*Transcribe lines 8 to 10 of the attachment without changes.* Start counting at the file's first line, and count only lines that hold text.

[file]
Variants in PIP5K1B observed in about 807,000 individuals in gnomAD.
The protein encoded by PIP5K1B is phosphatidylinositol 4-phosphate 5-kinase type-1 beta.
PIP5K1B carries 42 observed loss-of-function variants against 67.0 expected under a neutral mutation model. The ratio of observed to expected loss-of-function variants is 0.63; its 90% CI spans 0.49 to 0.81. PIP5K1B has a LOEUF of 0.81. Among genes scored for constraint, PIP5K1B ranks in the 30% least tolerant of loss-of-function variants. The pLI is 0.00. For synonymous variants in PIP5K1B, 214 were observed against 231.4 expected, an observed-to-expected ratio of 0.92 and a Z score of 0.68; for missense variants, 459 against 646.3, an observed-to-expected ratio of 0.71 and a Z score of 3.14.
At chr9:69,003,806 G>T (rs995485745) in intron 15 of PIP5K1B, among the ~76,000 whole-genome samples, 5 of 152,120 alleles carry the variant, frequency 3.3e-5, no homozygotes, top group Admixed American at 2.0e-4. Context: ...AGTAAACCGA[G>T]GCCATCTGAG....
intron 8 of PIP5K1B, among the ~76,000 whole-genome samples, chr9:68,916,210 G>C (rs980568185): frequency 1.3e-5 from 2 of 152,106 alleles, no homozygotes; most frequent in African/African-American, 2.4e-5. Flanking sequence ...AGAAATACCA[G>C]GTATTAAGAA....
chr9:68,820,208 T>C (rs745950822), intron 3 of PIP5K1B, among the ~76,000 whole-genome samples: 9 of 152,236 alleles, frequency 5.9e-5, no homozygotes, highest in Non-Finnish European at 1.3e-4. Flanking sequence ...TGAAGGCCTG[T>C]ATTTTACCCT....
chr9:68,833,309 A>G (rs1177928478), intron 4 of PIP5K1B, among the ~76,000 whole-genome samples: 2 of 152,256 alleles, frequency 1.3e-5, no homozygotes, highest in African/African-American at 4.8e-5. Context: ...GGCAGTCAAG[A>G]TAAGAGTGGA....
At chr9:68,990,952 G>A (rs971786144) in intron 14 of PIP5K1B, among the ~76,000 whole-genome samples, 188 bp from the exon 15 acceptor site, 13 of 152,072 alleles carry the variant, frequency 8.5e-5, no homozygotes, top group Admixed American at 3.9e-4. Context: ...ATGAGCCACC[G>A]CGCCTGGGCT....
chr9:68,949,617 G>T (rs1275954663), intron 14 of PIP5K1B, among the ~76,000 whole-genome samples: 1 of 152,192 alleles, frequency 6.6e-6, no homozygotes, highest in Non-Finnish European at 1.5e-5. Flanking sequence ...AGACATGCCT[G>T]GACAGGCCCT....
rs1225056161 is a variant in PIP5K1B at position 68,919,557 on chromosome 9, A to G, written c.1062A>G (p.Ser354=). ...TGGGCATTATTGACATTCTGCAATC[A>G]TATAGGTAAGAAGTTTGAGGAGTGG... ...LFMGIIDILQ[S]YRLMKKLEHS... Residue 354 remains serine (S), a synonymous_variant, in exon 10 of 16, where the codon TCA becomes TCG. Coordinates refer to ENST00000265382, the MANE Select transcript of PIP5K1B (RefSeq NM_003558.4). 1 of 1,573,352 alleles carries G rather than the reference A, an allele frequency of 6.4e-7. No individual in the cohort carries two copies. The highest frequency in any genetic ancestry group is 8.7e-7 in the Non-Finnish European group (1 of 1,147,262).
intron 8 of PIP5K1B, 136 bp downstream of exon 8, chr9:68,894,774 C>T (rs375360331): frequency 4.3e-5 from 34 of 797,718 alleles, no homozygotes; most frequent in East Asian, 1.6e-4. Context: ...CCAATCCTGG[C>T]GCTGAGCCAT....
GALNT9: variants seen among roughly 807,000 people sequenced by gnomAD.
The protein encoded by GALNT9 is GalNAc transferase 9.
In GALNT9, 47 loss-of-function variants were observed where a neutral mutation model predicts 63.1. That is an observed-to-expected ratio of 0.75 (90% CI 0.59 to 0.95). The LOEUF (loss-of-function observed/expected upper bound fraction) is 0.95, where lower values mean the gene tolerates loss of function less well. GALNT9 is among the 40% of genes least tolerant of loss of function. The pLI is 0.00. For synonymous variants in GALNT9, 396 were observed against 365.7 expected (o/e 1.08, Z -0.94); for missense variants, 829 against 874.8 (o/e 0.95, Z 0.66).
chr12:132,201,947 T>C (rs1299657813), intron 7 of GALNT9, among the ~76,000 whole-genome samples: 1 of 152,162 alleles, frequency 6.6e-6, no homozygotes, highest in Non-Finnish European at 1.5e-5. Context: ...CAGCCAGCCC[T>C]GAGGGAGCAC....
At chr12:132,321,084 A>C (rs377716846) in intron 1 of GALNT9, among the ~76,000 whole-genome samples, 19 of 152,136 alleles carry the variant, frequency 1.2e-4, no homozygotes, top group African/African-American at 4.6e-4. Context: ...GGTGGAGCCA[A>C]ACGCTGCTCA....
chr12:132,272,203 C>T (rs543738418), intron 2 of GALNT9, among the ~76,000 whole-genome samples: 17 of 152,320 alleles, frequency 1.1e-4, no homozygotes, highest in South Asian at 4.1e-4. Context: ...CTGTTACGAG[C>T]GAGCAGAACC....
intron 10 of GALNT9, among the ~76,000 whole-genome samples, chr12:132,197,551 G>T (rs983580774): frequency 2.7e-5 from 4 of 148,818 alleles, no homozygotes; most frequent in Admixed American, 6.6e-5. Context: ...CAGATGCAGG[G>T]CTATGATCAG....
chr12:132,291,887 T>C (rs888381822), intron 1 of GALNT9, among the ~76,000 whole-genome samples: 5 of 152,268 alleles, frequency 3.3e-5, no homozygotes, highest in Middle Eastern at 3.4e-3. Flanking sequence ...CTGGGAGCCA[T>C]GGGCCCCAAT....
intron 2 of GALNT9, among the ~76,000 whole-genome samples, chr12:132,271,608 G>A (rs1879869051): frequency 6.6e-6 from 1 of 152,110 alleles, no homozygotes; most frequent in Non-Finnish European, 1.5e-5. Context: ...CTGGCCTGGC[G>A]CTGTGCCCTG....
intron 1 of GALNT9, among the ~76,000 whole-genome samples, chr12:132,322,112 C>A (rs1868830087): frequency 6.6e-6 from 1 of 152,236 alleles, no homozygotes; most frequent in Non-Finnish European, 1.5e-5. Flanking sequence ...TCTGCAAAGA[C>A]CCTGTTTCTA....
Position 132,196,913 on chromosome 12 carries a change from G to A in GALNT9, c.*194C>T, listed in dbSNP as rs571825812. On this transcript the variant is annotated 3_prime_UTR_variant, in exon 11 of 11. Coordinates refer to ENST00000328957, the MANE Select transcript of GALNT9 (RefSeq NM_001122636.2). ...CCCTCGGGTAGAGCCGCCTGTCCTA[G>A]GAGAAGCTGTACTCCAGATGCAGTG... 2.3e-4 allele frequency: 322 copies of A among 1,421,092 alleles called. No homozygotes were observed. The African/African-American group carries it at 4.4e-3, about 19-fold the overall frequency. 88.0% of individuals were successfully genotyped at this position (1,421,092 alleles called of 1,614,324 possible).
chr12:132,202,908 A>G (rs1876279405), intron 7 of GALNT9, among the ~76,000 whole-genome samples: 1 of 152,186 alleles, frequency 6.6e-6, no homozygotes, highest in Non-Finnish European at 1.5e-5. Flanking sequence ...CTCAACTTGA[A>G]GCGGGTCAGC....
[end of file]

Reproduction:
At chr9:68,990,952 G>A (rs971786144) in intron 14 of PIP5K1B, among the ~76,000 whole-genome samples, 188 bp from the exon 15 acceptor site, 13 of 152,072 alleles carry the variant, frequency 8.5e-5, no homozygotes, top group Admixed American at 3.9e-4. Context: ...ATGAGCCACC[G>A]CGCCTGGGCT....
chr9:68,949,617 G>T (rs1275954663), intron 14 of PIP5K1B, among the ~76,000 whole-genome samples: 1 of 152,192 alleles, frequency 6.6e-6, no homozygotes, highest in Non-Finnish European at 1.5e-5. Flanking sequence ...AGACATGCCT[G>T]GACAGGCCCT....
rs1225056161 is a variant in PIP5K1B at position 68,919,557 on chromosome 9, A to G, written c.1062A>G (p.Ser354=). ...TGGGCATTATTGACATTCTGCAATC[A>G]TATAGGTAAGAAGTTTGAGGAGTGG... ...LFMGIIDILQ[S]YRLMKKLEHS... Residue 354 remains serine (S), a synonymous_variant, in exon 10 of 16, where the codon TCA becomes TCG. Coordinates refer to ENST00000265382, the MANE Select transcript of PIP5K1B (RefSeq NM_003558.4). 1 of 1,573,352 alleles carries G rather than the reference A, an allele frequency of 6.4e-7. No individual in the cohort carries two copies. The highest frequency in any genetic ancestry group is 8.7e-7 in the Non-Finnish European group (1 of 1,147,262).